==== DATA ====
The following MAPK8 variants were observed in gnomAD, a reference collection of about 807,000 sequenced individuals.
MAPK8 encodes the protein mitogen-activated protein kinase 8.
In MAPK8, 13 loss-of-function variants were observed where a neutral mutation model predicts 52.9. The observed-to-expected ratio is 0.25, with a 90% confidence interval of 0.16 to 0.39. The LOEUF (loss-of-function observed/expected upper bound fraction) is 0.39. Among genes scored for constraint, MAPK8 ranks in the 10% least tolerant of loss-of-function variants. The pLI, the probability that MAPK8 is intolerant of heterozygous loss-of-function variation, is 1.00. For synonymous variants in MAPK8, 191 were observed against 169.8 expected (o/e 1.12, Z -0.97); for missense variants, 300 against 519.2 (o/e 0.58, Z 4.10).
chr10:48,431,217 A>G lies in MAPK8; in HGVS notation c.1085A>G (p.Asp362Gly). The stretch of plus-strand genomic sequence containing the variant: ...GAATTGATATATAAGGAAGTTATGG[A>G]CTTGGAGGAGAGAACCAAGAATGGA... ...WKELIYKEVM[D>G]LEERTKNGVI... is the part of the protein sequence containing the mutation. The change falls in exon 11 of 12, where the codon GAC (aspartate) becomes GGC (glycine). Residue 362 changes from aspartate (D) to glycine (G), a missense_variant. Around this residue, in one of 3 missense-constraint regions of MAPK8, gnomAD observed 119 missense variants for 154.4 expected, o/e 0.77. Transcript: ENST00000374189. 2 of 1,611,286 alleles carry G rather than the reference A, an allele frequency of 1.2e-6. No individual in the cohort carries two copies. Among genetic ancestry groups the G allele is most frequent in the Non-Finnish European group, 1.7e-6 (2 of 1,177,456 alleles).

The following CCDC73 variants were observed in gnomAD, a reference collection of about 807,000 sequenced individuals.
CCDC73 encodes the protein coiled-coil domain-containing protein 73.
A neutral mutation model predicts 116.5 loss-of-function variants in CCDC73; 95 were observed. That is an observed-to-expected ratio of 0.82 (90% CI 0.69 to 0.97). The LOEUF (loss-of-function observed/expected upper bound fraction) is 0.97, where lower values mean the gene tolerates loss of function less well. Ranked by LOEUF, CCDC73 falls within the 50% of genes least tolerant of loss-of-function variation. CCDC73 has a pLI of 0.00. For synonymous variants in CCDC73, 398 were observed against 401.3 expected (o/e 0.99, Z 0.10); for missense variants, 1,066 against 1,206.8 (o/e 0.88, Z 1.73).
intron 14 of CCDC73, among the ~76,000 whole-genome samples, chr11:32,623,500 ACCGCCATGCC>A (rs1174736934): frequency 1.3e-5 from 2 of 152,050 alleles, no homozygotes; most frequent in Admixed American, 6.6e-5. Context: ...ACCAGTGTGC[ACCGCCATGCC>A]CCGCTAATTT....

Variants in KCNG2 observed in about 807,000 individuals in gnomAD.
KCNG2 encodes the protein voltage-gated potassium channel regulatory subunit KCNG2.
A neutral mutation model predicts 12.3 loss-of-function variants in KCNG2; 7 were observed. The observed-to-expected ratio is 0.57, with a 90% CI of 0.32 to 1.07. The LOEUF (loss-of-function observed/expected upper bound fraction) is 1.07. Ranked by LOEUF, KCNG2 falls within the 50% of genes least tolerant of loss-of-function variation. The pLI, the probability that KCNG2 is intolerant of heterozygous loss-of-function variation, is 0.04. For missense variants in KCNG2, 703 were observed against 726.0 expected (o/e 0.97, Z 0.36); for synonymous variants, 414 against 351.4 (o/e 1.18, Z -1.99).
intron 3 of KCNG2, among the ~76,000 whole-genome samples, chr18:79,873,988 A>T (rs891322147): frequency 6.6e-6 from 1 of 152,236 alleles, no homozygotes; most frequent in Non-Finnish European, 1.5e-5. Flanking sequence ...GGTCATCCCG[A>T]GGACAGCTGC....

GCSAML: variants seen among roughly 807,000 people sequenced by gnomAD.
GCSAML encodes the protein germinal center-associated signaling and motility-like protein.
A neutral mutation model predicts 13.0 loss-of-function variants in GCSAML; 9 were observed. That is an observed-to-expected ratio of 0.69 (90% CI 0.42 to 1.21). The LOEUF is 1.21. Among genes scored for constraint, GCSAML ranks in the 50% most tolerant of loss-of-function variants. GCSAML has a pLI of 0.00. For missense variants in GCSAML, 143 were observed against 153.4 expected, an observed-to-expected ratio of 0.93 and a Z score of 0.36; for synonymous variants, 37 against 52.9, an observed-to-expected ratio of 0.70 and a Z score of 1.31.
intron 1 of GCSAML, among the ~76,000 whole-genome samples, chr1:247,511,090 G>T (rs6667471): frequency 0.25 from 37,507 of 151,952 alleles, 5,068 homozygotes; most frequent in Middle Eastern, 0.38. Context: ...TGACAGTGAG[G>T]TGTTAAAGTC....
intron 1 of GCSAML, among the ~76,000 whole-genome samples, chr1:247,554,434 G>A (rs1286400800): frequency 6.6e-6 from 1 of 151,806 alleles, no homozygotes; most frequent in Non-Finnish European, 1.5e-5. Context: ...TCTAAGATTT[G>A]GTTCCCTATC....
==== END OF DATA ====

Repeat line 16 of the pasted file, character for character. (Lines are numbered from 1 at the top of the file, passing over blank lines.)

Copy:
intron 1 of GCSAML, among the ~76,000 whole-genome samples, chr1:247,511,090 G>T (rs6667471): frequency 0.25 from 37,507 of 151,952 alleles, 5,068 homozygotes; most frequent in Middle Eastern, 0.38. Context: ...TGACAGTGAG[G>T]TGTTAAAGTC....